Field Notes Week 2 - PE Rowing Class

Julie Mazz's picture

As a member of the rowing team here at Bryn Mawr, we're encouraged to enroll in the PE Rowing Class that an instructor, Harriet, offers at the start of the spring semester. We don't officially start our season until the second week of February (per NCAA rules), so the class is a good way to get in shape for the actual season. While many of my classmates are also my teammates, everyone else in the class is entirely new to rowing, so the first few days are spent learning the rowing stroke on the ergometer. 

These notes are from the second class on Tuesday. In this case, I can't really say I'm learning how to row in the class  - hopefully I know how pretty well after eight straight years of it - but instead I'm learning how to observe the instruction and withhold my own critiques for the other students while still leading my team as the captain. 

7:00am - Class starts

- People milling around in the multi-purpose room

- Harriet takes attendance and instructs Joanna, my co-captain, to run everyone through a 10-minute warmup while she quickly runs to her office

- Joanna tells us to do a 3-2-1 warmup, with increasing pressure. Because she's standing next to me, I correct her and say that the new students have no idea what that means, so she clarifies that it's 3 minutes at an easy pressure, then 2 minutes with more pressure, and a final minute with more. 

- She seemed a bit embarassed that I said that, so I felt bad about pointing it out in front of everyone, but they would have been far more confused if I hadn't

- After the warm-up, Harriet has everyone gather around her on the erg for a technique demonstration. The older rowers (Sophmores, Juniors and Seniors) stay back so the Freshmen and classmates can see better

- We go back to our ergs and Harriet has the experienced rowers show the new ones how to set up the ergs for an interval workout, 2 minutes of work with 1 minute of rest

- I help the girl next to me, and show her a trick for setting the monitor and playing around with the display so the screen doesn't go off while we wait for everyone else to get ready. 

- We're told to do the first piece at rate 20, which means you take 20 strokes in a minute. I'm not sure whether the new people understand that. It seems like we're going too fast with the terms and the technique for them to properly learn how to row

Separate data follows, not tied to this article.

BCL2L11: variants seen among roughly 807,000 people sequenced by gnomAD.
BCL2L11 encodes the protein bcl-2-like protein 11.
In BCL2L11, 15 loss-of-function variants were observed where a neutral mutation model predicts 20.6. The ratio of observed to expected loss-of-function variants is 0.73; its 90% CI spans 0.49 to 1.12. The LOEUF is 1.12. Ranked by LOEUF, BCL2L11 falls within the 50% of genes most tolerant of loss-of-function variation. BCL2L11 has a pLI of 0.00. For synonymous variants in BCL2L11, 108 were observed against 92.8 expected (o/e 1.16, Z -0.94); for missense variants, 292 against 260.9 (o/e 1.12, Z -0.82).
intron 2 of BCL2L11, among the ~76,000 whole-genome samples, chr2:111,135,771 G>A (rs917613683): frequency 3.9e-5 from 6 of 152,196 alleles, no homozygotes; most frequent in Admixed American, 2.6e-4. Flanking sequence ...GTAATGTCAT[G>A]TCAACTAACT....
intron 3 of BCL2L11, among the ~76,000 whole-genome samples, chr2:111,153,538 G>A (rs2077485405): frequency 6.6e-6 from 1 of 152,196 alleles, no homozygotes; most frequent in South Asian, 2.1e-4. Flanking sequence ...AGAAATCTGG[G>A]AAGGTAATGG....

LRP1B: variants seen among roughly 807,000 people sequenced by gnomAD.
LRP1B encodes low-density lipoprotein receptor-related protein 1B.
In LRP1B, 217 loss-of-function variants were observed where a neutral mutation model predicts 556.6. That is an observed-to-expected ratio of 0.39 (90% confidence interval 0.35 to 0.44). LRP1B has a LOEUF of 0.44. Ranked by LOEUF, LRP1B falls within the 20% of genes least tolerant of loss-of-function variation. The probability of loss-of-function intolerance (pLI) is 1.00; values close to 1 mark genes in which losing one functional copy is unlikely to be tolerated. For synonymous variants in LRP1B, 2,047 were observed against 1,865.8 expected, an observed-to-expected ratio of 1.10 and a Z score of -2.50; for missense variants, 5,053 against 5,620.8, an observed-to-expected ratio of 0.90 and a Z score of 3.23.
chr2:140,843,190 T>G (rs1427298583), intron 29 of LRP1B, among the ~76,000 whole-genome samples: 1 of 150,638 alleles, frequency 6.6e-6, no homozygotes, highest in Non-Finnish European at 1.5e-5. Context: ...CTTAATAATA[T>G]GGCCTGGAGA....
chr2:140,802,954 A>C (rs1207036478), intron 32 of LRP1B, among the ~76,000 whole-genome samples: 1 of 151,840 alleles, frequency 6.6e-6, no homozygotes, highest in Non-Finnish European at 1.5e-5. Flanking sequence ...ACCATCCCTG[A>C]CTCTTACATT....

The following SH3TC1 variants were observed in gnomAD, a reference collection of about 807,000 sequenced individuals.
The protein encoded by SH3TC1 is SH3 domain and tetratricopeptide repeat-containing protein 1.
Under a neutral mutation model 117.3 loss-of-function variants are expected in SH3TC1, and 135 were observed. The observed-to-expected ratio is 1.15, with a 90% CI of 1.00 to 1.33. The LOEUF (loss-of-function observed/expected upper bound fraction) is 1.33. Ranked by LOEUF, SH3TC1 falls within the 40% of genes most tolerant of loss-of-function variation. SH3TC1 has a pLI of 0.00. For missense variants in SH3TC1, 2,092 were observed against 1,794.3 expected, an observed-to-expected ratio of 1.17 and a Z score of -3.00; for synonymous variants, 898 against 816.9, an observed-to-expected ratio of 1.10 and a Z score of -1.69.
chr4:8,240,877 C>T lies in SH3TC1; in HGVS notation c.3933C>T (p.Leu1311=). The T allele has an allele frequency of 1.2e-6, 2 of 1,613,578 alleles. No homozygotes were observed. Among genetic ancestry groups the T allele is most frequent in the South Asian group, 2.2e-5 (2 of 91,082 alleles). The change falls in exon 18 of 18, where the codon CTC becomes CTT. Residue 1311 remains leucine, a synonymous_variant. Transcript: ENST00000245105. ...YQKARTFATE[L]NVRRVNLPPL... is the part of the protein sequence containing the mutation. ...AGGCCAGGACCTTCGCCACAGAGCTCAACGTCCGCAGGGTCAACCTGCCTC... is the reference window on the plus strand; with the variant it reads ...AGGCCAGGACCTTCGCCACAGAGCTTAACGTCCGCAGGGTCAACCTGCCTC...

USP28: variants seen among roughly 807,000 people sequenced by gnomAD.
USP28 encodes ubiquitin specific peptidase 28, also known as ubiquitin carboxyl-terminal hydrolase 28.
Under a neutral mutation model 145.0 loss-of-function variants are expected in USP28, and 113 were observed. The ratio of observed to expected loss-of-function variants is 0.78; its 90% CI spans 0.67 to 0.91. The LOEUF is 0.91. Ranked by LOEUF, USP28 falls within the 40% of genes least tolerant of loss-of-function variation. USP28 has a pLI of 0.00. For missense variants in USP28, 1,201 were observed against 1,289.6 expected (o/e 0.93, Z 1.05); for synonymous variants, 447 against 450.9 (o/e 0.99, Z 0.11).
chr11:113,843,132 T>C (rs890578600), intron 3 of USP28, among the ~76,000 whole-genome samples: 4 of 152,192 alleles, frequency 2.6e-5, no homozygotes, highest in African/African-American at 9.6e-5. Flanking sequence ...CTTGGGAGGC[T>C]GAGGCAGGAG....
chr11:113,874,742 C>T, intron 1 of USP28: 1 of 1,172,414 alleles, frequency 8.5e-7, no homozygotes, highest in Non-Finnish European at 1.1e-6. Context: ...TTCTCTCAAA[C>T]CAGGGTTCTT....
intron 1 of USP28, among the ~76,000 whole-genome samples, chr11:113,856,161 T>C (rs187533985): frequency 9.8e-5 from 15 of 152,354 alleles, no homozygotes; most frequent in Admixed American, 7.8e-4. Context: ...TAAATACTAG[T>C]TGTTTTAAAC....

- The girl next to me wasn't here on the first day, so she needs help with her technique, but does her best to copy the movements of everyone around her. I debate helping her during our next rest period, or waiting to see if Joanna or Harriet will help her during the piece.

- Joanna walks by us, and I can tell she's debating whether to say something. My guess is she doesn't try because the ergs are too close together and she would get in the way by trying to help. 

- My instinct here is to help...but at the same time I'm another student in the class and I'm supposed to being rowing, not instructing. And while I do have more experience, it can be embarassing to get instruction or corrections from a peer

- Joanna and Harriet continue to walk by without saying anything

- After completing eight interval pieces, Harriet runs through stretches with the group.

- Everyone starts to put their ergs away, and I notice the new classmates are already much better at rolling them away (It's harder than it looks!) after a day

- We're dismissed for the day

Overall, it's hard for me to watch other people row without trying to help or correct their technique. While my stroke still isn't perfect, I've gained enough knowledge to properly instruct people. I prefer to have control over a sitution, and while that helps in my leadership role as a captain, I need to know when to stay quiet while other people are leading. 

 

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